Why didn't they listen to....


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eclancy
November 3, 2007, 11:30 AM
Gentlemen,
...Mr. Garand when testing was going on with the cleaning rod for the M1 Garand Rifle ? What did he want done, any ideas ?

http://i24.photobucket.com/albums/c21/eclancy/clarod1.jpg

http://i24.photobucket.com/albums/c21/eclancy/Remindernowa.jpg

Thanks again for your input
Clancy

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jpwilly
November 3, 2007, 12:38 PM
He probably wanted a bore snake!

.45Guy
November 3, 2007, 01:24 PM
A pull through brush and jag?

Chipperman
November 3, 2007, 01:26 PM
I think jpwilly is on the right track.

I'll bet he wanted a rod that would allow the jag to be pulled out of the bore rather than pushed down into it.

Ash
November 3, 2007, 10:45 PM
That, or he wanted brass/bronze bushings about each joint to prevent steel-on-steel.

Ash

Eightball
November 4, 2007, 02:42 AM
A pull mechanism would be my bet, given the proximity of the gas vent on the barrel to the muzzle, he probably did not want it scratched.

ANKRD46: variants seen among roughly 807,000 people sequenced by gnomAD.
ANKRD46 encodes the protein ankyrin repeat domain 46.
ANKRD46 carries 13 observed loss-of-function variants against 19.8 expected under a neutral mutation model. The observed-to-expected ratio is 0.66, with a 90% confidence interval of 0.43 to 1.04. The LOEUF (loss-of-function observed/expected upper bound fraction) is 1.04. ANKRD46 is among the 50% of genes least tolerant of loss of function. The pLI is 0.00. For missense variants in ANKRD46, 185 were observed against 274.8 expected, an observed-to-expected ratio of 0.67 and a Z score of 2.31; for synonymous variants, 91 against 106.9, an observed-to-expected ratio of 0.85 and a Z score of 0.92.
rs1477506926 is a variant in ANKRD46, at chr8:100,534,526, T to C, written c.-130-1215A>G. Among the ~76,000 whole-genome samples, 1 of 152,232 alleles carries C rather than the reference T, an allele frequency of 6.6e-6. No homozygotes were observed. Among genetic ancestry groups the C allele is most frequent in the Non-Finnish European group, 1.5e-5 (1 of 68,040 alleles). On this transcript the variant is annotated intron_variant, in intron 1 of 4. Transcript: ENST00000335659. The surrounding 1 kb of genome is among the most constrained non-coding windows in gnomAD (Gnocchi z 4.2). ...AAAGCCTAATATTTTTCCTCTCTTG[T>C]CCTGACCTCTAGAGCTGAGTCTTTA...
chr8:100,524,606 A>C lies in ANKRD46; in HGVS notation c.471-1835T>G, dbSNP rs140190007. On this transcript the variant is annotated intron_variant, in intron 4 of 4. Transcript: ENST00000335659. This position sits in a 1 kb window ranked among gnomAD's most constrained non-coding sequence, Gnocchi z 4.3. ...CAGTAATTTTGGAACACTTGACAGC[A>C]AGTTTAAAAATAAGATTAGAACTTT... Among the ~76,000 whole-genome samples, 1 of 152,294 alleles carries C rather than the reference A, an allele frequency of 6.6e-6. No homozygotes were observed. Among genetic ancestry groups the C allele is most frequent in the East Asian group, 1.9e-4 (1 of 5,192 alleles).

Or, he wanted something that fit on the sling to the rifle? I'm not quite sure I get the direction you're coming from with this. That, and it's 2:40AM for me, so....

eclancy
November 4, 2007, 11:21 AM
Gentlemen,
Mr Garand wanted the handle made of wood.
Thanks again
Clancy

Ash
November 4, 2007, 12:37 PM
THen the reason they didn't listen to him is because wood would have broken easier in the field.

Ash

Rifleman 173
November 19, 2007, 08:36 PM
Depending on where you were, some troops were issued bore snake type cleaning gear instead of metal rods. The actual cleaning gear was a little bit different than present day bore snakes in that there was a device at the end which let you run a cotton swab down the bore too or after the cleaning brush was done. This type of cleaning gear was particularly issued at the beginning of the war because it could be very quickly manufactured.

7mmsavage
November 20, 2007, 05:57 AM
I am sure the DOD didn't want soldiers to ruin their rifles, but maybe the were thinking more about a guaranteed method of cleaning and removing bore obstructions. The military didn't look at their Garands like we do, caring for those rifles as something to shoot for fun or competition and one day give to our children. They probably knew it wasn't the best as far as accuracy but they needed to keep rifles shooting, and if groups opened up a few inches, replace the barrel or the whole rifle. Or keep shooting and add those misplaced rounds to all the other bullets flying around.

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